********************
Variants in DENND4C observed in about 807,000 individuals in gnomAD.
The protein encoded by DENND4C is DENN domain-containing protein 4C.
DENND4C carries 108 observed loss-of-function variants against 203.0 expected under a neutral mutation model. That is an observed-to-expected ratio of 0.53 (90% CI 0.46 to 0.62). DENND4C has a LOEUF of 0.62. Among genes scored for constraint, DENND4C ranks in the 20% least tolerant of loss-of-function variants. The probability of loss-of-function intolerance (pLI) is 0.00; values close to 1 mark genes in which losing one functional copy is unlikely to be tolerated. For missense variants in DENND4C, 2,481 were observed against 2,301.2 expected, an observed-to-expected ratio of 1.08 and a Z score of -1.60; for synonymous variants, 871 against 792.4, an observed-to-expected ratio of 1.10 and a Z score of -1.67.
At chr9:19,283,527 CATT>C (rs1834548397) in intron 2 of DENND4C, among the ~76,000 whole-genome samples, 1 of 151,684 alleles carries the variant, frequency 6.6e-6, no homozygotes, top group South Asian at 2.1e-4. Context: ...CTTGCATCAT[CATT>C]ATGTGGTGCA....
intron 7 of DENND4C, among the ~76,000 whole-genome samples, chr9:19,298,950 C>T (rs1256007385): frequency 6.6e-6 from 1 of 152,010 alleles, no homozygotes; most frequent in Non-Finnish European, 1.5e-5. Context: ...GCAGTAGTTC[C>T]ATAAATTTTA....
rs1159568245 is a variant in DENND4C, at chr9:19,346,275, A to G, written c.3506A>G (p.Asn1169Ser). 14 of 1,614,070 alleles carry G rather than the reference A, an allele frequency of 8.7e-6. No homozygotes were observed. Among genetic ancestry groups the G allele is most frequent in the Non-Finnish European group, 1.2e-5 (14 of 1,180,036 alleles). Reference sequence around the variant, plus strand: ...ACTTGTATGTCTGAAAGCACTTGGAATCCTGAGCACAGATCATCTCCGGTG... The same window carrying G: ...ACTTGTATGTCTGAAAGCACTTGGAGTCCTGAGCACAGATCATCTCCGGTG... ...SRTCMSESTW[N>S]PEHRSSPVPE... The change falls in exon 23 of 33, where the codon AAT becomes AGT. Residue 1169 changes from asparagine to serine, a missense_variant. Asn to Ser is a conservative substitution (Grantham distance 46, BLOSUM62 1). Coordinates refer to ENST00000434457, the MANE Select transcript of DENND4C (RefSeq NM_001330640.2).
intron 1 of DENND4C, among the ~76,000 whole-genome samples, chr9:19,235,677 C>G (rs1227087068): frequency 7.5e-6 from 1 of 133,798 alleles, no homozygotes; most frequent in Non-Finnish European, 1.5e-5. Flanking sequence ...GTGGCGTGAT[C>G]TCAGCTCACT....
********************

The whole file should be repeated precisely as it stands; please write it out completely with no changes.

Variants in DENND4C observed in about 807,000 individuals in gnomAD.
The protein encoded by DENND4C is DENN domain-containing protein 4C.
DENND4C carries 108 observed loss-of-function variants against 203.0 expected under a neutral mutation model. That is an observed-to-expected ratio of 0.53 (90% CI 0.46 to 0.62). DENND4C has a LOEUF of 0.62. Among genes scored for constraint, DENND4C ranks in the 20% least tolerant of loss-of-function variants. The probability of loss-of-function intolerance (pLI) is 0.00; values close to 1 mark genes in which losing one functional copy is unlikely to be tolerated. For missense variants in DENND4C, 2,481 were observed against 2,301.2 expected, an observed-to-expected ratio of 1.08 and a Z score of -1.60; for synonymous variants, 871 against 792.4, an observed-to-expected ratio of 1.10 and a Z score of -1.67.
At chr9:19,283,527 CATT>C (rs1834548397) in intron 2 of DENND4C, among the ~76,000 whole-genome samples, 1 of 151,684 alleles carries the variant, frequency 6.6e-6, no homozygotes, top group South Asian at 2.1e-4. Context: ...CTTGCATCAT[CATT>C]ATGTGGTGCA....
intron 7 of DENND4C, among the ~76,000 whole-genome samples, chr9:19,298,950 C>T (rs1256007385): frequency 6.6e-6 from 1 of 152,010 alleles, no homozygotes; most frequent in Non-Finnish European, 1.5e-5. Context: ...GCAGTAGTTC[C>T]ATAAATTTTA....
rs1159568245 is a variant in DENND4C, at chr9:19,346,275, A to G, written c.3506A>G (p.Asn1169Ser). 14 of 1,614,070 alleles carry G rather than the reference A, an allele frequency of 8.7e-6. No homozygotes were observed. Among genetic ancestry groups the G allele is most frequent in the Non-Finnish European group, 1.2e-5 (14 of 1,180,036 alleles). Reference sequence around the variant, plus strand: ...ACTTGTATGTCTGAAAGCACTTGGAATCCTGAGCACAGATCATCTCCGGTG... The same window carrying G: ...ACTTGTATGTCTGAAAGCACTTGGAGTCCTGAGCACAGATCATCTCCGGTG... ...SRTCMSESTW[N>S]PEHRSSPVPE... The change falls in exon 23 of 33, where the codon AAT becomes AGT. Residue 1169 changes from asparagine to serine, a missense_variant. Asn to Ser is a conservative substitution (Grantham distance 46, BLOSUM62 1). Coordinates refer to ENST00000434457, the MANE Select transcript of DENND4C (RefSeq NM_001330640.2).
intron 1 of DENND4C, among the ~76,000 whole-genome samples, chr9:19,235,677 C>G (rs1227087068): frequency 7.5e-6 from 1 of 133,798 alleles, no homozygotes; most frequent in Non-Finnish European, 1.5e-5. Flanking sequence ...GTGGCGTGAT[C>G]TCAGCTCACT....